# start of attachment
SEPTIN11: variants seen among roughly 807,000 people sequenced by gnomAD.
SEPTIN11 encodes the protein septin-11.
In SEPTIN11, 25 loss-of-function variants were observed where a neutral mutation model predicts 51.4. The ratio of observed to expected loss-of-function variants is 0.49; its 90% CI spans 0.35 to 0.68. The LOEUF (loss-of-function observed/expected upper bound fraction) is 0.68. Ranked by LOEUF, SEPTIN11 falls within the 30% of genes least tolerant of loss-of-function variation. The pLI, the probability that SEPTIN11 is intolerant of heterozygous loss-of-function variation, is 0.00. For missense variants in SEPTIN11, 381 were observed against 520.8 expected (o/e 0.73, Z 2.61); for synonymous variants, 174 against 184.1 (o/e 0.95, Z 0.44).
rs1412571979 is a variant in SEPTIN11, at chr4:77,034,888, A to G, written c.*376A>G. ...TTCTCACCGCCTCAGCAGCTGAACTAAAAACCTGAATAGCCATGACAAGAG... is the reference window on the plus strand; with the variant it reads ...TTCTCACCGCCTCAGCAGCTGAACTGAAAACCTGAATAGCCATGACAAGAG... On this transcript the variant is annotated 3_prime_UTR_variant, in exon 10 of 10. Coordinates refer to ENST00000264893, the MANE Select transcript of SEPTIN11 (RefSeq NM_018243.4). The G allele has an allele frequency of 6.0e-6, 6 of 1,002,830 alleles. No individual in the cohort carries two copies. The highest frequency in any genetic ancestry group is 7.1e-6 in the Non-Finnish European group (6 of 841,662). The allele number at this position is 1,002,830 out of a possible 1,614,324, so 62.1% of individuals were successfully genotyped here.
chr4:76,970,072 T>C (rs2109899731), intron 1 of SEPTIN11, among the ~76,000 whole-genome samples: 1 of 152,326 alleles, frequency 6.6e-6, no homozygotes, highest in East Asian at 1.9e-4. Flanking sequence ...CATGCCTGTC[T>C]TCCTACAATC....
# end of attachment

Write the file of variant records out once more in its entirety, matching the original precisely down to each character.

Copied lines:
SEPTIN11: variants seen among roughly 807,000 people sequenced by gnomAD.
SEPTIN11 encodes the protein septin-11.
In SEPTIN11, 25 loss-of-function variants were observed where a neutral mutation model predicts 51.4. The ratio of observed to expected loss-of-function variants is 0.49; its 90% CI spans 0.35 to 0.68. The LOEUF (loss-of-function observed/expected upper bound fraction) is 0.68. Ranked by LOEUF, SEPTIN11 falls within the 30% of genes least tolerant of loss-of-function variation. The pLI, the probability that SEPTIN11 is intolerant of heterozygous loss-of-function variation, is 0.00. For missense variants in SEPTIN11, 381 were observed against 520.8 expected (o/e 0.73, Z 2.61); for synonymous variants, 174 against 184.1 (o/e 0.95, Z 0.44).
rs1412571979 is a variant in SEPTIN11, at chr4:77,034,888, A to G, written c.*376A>G. ...TTCTCACCGCCTCAGCAGCTGAACTAAAAACCTGAATAGCCATGACAAGAG... is the reference window on the plus strand; with the variant it reads ...TTCTCACCGCCTCAGCAGCTGAACTGAAAACCTGAATAGCCATGACAAGAG... On this transcript the variant is annotated 3_prime_UTR_variant, in exon 10 of 10. Coordinates refer to ENST00000264893, the MANE Select transcript of SEPTIN11 (RefSeq NM_018243.4). The G allele has an allele frequency of 6.0e-6, 6 of 1,002,830 alleles. No individual in the cohort carries two copies. The highest frequency in any genetic ancestry group is 7.1e-6 in the Non-Finnish European group (6 of 841,662). The allele number at this position is 1,002,830 out of a possible 1,614,324, so 62.1% of individuals were successfully genotyped here.
chr4:76,970,072 T>C (rs2109899731), intron 1 of SEPTIN11, among the ~76,000 whole-genome samples: 1 of 152,326 alleles, frequency 6.6e-6, no homozygotes, highest in East Asian at 1.9e-4. Flanking sequence ...CATGCCTGTC[T>C]TCCTACAATC....